Silwerskerm Best Actress winner Lea Vivier (Wonderlus, The Day We Didn’t Meet) is the lead in the new Showmax Original DAM, a small-town psychological thriller from four-time SAFTA winner Alex Yazbek that’s now streaming.
In DAM, Lea stars as Yola Fischer, who returns from Chile to a small town in the Eastern Cape to bury her estranged father. She discovers he’s left his farm to her, to the irritation of her sister, Sienna. But it turns out that this may be more of a curse than a blessing, as the house seems to be trying to tell her something. With her mother institutionalised and her own meds running out, Yola has to wonder: are the spirits real, or just in her head?
On DAM’s writer director
The role of Yola was both creatively and emotionally demanding, but Lea is full of praise for the series’ writer-director.
“Alex has an amazing way with people,” she says. “He makes magic. He gets people; he knows how people are put together. When he has spent some time with you and has a good sense of your personality, if you’re open to it, and if you’re willing to go there, he has a way of asking you to bring up things that he knows you’re either fighting against or suppressing, to bring up those darknesses and use it in the work. It was challenging working with him, but I couldn’t have done Yola if it wasn’t for him. He gets you to go to places and do things that you never would have thought yourself able to do.”
Why Yola’s country changed from Canada to Chile
When Alex wrote the script, Lea’s character was originally based in Canada. The idea for Chile came from the actress herself.
“After I got the role, I said to Alex, ‘Look, I understand that you want her to come back from overseas, but doing a Canadian accent is very tricky, because there are so many different dialects and variants of that Canadian accent – you just don’t want to go down that rabbit hole. But I lived in South America and Chile for a year after school, so I speak fluent Spanish. So if you want to make it that she’s studying and living in South America, and then she comes back for the funeral, I feel very comfortable in Spanish.’”
Where was DAM filmed?
DAM was filmed on location in the towns of Bedford and Adelaide, in the Amathole District of the Eastern Cape. “Living and working in Bedford for eight weeks was challenging but very special. I loved being able to drown myself in this group of people and different life and a different story,” Lea says.
But it was also challenging. “I lived and breathed Yola for eight weeks, which was hectic,” the actress explains. “She’s got a lot of very intense scenes and I think the scariest thing was the places I had to go as an actor. Obviously, we have tools to shake it off but, when you’re on location, you never come back to your own space. You never really shake it off entirely, because you’re on location. So it was very challenging to try and remain healthy psychologically during those eight weeks, and to remain just me, to keep a grasp of Lea, because one can lose oneself.”
What kept Lea grounded
She credits her family, and especially her partner, with helping her stay grounded. “It was too strange for me for him to come into this space on set but he came for three weekends and we went to a guesthouse between Bedford and Adelaide, and it was my saving grace. He was my lifebuoy. He’s a big reminder for me, obviously, that I’ve got a life with him in Cape Town, that I’m not the character I’m playing in this story.”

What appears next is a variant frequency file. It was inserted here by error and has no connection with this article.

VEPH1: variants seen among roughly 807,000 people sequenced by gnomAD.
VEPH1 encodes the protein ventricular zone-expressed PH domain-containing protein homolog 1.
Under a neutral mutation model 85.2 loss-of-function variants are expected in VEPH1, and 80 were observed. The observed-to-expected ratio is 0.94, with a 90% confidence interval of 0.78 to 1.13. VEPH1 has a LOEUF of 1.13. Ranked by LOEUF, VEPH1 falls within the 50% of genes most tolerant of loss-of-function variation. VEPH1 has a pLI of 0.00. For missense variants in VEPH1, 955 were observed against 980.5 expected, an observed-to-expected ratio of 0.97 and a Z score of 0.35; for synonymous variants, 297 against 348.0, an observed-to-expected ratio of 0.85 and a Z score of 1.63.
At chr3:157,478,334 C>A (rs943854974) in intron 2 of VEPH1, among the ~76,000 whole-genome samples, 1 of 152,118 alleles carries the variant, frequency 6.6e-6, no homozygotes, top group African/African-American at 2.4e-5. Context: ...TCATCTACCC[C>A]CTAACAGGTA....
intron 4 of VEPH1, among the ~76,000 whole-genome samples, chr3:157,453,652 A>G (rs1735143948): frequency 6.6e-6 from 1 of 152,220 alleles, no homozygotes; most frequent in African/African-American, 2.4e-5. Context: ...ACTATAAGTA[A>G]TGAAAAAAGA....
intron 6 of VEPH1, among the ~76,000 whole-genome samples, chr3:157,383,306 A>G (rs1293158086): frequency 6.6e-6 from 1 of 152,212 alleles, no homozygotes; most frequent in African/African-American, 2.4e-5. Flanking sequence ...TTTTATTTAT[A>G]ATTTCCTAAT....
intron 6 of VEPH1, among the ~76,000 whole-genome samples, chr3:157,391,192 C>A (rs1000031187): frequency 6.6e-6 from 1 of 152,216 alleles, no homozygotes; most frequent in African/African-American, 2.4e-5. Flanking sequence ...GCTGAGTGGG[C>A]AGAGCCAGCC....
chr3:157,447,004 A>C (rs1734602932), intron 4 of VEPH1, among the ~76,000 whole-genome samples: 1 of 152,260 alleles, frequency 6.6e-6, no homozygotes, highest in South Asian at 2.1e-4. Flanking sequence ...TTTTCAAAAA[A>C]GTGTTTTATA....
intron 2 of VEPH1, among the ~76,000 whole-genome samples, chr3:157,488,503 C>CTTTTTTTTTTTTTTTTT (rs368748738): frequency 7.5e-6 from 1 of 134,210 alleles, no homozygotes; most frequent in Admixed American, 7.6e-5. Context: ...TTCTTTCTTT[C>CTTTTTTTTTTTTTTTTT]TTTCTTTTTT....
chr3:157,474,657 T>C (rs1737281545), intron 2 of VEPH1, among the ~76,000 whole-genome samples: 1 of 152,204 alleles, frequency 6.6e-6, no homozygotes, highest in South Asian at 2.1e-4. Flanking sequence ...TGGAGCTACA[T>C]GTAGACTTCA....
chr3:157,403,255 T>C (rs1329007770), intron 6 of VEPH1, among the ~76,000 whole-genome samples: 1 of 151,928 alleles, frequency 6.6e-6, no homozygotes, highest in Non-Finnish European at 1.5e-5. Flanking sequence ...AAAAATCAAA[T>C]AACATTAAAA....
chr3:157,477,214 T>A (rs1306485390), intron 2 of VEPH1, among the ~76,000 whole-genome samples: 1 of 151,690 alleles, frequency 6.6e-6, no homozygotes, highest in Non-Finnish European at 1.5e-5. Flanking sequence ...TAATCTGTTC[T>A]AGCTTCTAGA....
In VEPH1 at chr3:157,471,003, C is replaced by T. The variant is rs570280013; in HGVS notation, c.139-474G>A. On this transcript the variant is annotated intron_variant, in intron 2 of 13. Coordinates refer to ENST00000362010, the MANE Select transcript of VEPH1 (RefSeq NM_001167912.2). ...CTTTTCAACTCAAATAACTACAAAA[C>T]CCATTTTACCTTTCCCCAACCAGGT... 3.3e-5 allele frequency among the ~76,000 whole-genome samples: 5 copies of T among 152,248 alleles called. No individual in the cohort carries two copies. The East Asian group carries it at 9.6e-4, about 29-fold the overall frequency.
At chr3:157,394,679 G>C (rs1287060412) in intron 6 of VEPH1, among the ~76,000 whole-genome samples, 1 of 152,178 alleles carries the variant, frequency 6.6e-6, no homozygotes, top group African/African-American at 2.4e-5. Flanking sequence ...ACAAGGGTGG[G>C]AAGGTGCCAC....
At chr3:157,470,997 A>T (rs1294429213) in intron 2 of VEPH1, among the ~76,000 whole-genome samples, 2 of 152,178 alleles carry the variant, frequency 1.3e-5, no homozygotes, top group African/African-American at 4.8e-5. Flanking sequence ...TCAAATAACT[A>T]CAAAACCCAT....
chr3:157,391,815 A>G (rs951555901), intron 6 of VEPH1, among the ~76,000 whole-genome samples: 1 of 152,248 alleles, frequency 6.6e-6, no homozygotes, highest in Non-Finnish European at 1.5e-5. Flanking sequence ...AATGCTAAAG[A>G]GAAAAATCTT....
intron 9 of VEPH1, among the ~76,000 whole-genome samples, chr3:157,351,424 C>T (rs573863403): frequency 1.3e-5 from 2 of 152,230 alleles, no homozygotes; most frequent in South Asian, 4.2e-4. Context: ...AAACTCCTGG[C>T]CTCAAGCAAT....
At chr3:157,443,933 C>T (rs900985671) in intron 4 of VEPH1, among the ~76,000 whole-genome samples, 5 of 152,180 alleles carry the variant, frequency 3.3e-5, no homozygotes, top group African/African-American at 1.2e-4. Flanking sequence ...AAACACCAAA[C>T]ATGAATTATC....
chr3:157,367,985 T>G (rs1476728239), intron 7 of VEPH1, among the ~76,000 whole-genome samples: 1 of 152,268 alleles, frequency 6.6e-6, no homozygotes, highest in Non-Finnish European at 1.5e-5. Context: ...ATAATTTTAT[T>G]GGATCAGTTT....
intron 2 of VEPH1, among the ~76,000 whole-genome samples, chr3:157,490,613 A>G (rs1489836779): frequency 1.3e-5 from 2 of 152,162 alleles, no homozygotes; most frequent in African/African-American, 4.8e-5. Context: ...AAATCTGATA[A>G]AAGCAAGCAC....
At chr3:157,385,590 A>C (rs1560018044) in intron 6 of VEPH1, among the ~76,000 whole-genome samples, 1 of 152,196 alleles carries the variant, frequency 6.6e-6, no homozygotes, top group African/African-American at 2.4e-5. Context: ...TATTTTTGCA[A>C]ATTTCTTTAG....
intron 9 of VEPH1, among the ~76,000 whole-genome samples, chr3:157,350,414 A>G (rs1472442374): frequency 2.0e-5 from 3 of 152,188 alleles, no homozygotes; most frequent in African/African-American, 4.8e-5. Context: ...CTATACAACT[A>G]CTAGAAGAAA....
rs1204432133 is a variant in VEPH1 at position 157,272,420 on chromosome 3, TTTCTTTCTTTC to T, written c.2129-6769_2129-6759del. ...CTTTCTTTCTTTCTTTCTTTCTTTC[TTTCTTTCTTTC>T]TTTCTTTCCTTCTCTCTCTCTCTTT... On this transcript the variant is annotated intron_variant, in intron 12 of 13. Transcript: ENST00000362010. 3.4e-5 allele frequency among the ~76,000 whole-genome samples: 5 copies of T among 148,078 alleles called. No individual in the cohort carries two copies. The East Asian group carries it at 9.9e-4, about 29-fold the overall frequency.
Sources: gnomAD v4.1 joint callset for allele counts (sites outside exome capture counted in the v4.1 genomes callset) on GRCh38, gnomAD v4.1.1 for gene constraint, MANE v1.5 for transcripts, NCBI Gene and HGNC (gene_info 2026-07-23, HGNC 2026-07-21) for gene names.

Acting runs in the family
Acting runs in Lea’s family. Her mom acted professionally and ran a drama school in Melkbosstrand, and her sister is Trackers star Trix Vivier. But Lea says she actually now thinks she got her acting talent from her father. “He’s an advocate and I watched him in the court the other day, and when I saw him, I was like, ‘That’s where we got it from.’”
Lea was a competitive gymnast, attended the Waterfront Theatre School, and did commercials and modelling while at school, but she wasn’t sure acting was the career for her. Instead, she took a year off in South America before doing a Bachelor of Arts degree, triple majoring in English Literature, Afrikaans Dutch Studies, and Drama. At Rhodes University, she studied drama under Fleur du Cap winner Andrew Buckland, who plays her father in DAM.
While she says, “I feel like everything that happened in my entire life has kind of culminated in this,” she credits her role in the SAFTA-nominated movie Wonderlus – for which she won Best Actress at the 2017 Silwerskerm Festival – as one of the biggest stepping stones of her career. “That definitely opened a lot of doors in the film and TV industry.” Like her role in DAM, which came about in part because Alex Yazbek had seen her in Wonderlus.
For Lea, acting isn’t about being the centre of attention, something she actually struggles with. “I get quite shy and have a bit of social anxiety,” she explains, “so acting isn’t about wanting to be in the limelight for me. It’s got nothing to do with that.”
She says, for her, “It’s more that I’m very interested in human psychology and understanding people, and the way that they’re wired and the way that they function. If I had to choose a different career path now, I would go into psychology, without a doubt.”
“That’s the part of drama and acting that I really love: unpacking and understanding people’s motivations for doing things and the way that they’re wired.” Lea says her passion lies in “climbing into different ways of being and understanding that. Natalie Portman says that acting is the art of empathy.”
WATCH DAM Official Trailer – Showmax Psychological Thriller
Watch DAM first on Showmax: